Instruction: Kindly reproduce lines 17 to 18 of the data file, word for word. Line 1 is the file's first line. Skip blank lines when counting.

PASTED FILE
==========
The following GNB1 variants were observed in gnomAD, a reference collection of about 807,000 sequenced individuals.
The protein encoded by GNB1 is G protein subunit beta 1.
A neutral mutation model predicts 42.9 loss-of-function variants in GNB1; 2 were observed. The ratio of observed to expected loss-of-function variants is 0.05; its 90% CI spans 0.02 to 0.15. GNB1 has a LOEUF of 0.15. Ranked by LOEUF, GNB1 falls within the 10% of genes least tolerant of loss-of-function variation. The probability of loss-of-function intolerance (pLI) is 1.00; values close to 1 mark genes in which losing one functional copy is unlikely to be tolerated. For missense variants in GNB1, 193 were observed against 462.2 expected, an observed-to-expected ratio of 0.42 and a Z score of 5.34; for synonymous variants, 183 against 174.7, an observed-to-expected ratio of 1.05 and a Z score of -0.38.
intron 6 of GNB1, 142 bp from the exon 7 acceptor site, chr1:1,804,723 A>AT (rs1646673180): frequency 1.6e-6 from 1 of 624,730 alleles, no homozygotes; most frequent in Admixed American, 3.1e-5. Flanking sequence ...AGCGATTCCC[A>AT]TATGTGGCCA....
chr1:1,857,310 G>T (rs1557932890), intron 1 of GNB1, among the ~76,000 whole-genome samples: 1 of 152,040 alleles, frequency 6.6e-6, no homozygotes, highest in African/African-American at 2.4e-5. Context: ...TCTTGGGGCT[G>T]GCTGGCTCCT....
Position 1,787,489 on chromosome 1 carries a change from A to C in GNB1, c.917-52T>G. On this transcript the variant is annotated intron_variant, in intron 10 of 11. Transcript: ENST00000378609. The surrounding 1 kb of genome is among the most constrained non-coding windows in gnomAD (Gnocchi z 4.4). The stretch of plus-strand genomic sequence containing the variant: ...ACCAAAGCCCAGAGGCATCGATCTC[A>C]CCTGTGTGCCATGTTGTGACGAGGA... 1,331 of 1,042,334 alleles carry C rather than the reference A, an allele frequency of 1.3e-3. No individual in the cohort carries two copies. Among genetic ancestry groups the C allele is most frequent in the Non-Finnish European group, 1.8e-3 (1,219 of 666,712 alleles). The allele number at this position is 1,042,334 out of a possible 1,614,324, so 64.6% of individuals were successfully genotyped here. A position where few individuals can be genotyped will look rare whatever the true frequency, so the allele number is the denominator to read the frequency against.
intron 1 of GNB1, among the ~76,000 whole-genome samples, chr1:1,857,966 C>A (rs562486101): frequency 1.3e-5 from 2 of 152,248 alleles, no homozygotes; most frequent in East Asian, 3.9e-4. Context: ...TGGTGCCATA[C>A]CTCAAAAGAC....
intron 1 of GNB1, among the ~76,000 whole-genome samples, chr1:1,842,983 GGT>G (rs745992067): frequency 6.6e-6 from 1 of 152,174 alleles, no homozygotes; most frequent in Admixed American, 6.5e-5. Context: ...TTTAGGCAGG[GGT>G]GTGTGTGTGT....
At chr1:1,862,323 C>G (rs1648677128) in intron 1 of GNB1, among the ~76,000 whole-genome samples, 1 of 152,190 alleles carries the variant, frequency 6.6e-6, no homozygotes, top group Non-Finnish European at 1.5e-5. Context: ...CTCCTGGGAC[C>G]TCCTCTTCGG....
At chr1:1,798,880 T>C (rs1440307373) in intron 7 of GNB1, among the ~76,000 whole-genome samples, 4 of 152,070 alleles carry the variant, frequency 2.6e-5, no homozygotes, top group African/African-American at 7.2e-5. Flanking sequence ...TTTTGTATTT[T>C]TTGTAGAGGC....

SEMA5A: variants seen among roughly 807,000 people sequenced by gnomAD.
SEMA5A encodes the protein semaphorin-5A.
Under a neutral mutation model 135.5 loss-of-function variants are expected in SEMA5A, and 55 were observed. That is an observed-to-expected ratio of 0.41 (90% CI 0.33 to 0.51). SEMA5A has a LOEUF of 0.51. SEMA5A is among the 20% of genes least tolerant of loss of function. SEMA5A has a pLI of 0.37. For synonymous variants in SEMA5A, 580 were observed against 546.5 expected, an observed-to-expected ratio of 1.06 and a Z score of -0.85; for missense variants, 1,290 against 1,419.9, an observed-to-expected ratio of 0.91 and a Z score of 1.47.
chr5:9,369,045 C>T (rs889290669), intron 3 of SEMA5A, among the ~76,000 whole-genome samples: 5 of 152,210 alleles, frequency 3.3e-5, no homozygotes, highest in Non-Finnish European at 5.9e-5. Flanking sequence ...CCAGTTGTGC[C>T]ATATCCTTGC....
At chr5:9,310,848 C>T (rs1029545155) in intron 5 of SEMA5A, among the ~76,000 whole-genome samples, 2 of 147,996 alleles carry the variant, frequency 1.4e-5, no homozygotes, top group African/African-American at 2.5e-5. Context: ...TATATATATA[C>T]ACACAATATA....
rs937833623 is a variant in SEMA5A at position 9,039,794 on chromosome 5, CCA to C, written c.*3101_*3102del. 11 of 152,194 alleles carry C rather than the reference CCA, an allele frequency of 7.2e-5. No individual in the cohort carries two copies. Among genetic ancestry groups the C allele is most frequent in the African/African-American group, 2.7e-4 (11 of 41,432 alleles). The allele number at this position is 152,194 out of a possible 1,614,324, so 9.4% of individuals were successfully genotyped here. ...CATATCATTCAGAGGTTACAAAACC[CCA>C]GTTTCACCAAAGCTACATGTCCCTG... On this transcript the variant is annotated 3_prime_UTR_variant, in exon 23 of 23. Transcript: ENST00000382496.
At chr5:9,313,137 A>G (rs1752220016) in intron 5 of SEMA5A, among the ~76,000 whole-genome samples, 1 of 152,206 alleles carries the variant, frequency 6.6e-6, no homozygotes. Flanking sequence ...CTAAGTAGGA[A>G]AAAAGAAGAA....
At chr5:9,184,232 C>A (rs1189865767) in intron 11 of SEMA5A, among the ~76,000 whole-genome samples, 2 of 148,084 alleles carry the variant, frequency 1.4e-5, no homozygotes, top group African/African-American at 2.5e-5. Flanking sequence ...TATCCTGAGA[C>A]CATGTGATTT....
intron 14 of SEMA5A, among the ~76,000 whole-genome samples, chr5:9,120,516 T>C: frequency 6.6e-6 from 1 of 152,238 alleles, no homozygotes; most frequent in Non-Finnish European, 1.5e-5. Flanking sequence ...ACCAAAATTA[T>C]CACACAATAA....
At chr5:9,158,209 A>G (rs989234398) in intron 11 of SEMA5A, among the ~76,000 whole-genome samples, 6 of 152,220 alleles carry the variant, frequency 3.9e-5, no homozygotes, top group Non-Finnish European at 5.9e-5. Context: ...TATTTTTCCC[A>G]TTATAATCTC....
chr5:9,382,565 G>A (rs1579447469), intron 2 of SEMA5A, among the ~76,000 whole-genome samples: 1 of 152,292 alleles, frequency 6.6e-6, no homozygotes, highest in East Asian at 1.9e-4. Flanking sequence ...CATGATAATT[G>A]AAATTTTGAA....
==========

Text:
At chr5:9,313,137 A>G (rs1752220016) in intron 5 of SEMA5A, among the ~76,000 whole-genome samples, 1 of 152,206 alleles carries the variant, frequency 6.6e-6, no homozygotes. Flanking sequence ...CTAAGTAGGA[A>G]AAAAGAAGAA....
At chr5:9,184,232 C>A (rs1189865767) in intron 11 of SEMA5A, among the ~76,000 whole-genome samples, 2 of 148,084 alleles carry the variant, frequency 1.4e-5, no homozygotes, top group African/African-American at 2.5e-5. Flanking sequence ...TATCCTGAGA[C>A]CATGTGATTT....